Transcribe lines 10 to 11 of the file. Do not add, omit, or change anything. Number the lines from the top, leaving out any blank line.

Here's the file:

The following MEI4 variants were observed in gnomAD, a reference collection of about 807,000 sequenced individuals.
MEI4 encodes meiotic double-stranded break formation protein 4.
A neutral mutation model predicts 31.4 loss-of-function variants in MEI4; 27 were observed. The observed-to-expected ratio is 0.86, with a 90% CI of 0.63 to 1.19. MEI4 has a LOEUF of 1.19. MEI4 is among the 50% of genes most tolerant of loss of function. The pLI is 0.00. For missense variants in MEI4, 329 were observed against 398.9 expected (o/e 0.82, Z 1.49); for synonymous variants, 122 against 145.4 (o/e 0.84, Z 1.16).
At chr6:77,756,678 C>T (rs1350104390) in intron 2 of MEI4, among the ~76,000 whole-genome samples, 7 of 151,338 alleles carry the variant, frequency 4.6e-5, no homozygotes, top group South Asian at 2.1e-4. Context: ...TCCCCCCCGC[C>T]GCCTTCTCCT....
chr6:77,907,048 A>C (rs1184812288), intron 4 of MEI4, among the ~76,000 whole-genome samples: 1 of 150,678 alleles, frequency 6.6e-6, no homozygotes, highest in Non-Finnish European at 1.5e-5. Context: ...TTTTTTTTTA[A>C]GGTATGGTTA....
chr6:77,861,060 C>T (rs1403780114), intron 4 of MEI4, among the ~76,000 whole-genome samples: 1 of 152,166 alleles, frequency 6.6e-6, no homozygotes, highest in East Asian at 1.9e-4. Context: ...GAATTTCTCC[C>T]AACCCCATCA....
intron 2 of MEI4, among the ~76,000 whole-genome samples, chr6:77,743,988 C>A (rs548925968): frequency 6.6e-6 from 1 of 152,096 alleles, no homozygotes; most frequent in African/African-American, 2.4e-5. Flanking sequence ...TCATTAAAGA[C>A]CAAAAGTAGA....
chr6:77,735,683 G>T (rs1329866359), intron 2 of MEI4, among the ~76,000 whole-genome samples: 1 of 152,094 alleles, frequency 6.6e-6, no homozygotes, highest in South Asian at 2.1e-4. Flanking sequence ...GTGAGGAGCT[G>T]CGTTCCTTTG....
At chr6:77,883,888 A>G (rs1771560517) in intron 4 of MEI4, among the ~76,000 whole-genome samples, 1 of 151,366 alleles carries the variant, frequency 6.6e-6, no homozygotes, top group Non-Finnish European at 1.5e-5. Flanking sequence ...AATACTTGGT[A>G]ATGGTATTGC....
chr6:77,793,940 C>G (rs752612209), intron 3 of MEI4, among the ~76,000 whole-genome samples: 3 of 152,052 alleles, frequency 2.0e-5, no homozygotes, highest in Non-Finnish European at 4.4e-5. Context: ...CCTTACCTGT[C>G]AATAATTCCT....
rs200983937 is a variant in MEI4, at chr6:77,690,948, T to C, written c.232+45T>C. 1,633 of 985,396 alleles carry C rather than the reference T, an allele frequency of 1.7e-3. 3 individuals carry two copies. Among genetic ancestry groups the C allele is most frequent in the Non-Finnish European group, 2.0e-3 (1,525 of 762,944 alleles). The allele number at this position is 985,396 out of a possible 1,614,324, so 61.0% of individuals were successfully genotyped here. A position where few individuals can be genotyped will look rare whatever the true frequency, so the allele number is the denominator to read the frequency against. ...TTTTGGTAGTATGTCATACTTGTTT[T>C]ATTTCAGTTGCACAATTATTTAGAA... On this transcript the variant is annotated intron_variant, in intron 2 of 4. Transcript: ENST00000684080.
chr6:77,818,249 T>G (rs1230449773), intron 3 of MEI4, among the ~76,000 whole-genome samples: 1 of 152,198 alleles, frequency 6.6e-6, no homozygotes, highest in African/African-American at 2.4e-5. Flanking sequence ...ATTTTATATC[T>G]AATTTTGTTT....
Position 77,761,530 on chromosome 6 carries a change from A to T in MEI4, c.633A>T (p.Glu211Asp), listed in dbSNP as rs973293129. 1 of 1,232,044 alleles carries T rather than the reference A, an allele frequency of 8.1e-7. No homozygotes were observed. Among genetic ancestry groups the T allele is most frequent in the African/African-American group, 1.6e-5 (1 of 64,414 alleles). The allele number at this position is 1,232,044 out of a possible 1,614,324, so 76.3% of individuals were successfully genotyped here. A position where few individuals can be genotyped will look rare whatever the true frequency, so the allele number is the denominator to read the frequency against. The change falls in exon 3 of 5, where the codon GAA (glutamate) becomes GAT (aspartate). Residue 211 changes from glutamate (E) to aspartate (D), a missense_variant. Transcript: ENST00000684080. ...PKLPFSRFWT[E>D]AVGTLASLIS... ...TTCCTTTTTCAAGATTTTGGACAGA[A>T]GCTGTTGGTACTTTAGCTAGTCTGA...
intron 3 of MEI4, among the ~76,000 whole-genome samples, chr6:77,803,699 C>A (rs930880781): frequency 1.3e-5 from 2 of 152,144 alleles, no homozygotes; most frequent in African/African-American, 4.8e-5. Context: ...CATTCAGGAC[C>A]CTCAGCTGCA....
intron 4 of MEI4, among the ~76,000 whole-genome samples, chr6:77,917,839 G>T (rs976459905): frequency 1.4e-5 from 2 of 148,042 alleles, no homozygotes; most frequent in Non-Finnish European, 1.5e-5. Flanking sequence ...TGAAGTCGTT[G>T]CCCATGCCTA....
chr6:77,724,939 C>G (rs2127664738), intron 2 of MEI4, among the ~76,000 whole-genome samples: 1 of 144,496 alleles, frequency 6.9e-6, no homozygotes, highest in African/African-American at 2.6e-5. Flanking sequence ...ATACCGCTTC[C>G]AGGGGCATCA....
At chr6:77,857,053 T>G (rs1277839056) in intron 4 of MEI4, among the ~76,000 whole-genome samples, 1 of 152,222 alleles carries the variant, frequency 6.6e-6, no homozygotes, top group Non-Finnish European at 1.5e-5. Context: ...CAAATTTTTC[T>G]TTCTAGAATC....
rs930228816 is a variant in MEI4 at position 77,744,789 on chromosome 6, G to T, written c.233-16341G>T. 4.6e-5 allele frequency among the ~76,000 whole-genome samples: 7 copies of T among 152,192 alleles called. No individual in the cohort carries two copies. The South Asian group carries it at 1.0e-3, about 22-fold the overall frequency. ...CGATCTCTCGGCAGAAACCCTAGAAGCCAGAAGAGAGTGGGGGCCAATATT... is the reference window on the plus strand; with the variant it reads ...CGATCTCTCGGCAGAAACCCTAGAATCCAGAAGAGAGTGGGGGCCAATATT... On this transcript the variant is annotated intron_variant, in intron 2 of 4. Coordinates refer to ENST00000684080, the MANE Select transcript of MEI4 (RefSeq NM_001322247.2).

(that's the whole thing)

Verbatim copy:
chr6:77,793,940 C>G (rs752612209), intron 3 of MEI4, among the ~76,000 whole-genome samples: 3 of 152,052 alleles, frequency 2.0e-5, no homozygotes, highest in Non-Finnish European at 4.4e-5. Context: ...CCTTACCTGT[C>G]AATAATTCCT....
rs200983937 is a variant in MEI4, at chr6:77,690,948, T to C, written c.232+45T>C. 1,633 of 985,396 alleles carry C rather than the reference T, an allele frequency of 1.7e-3. 3 individuals carry two copies. Among genetic ancestry groups the C allele is most frequent in the Non-Finnish European group, 2.0e-3 (1,525 of 762,944 alleles). The allele number at this position is 985,396 out of a possible 1,614,324, so 61.0% of individuals were successfully genotyped here. A position where few individuals can be genotyped will look rare whatever the true frequency, so the allele number is the denominator to read the frequency against. ...TTTTGGTAGTATGTCATACTTGTTT[T>C]ATTTCAGTTGCACAATTATTTAGAA... On this transcript the variant is annotated intron_variant, in intron 2 of 4. Transcript: ENST00000684080.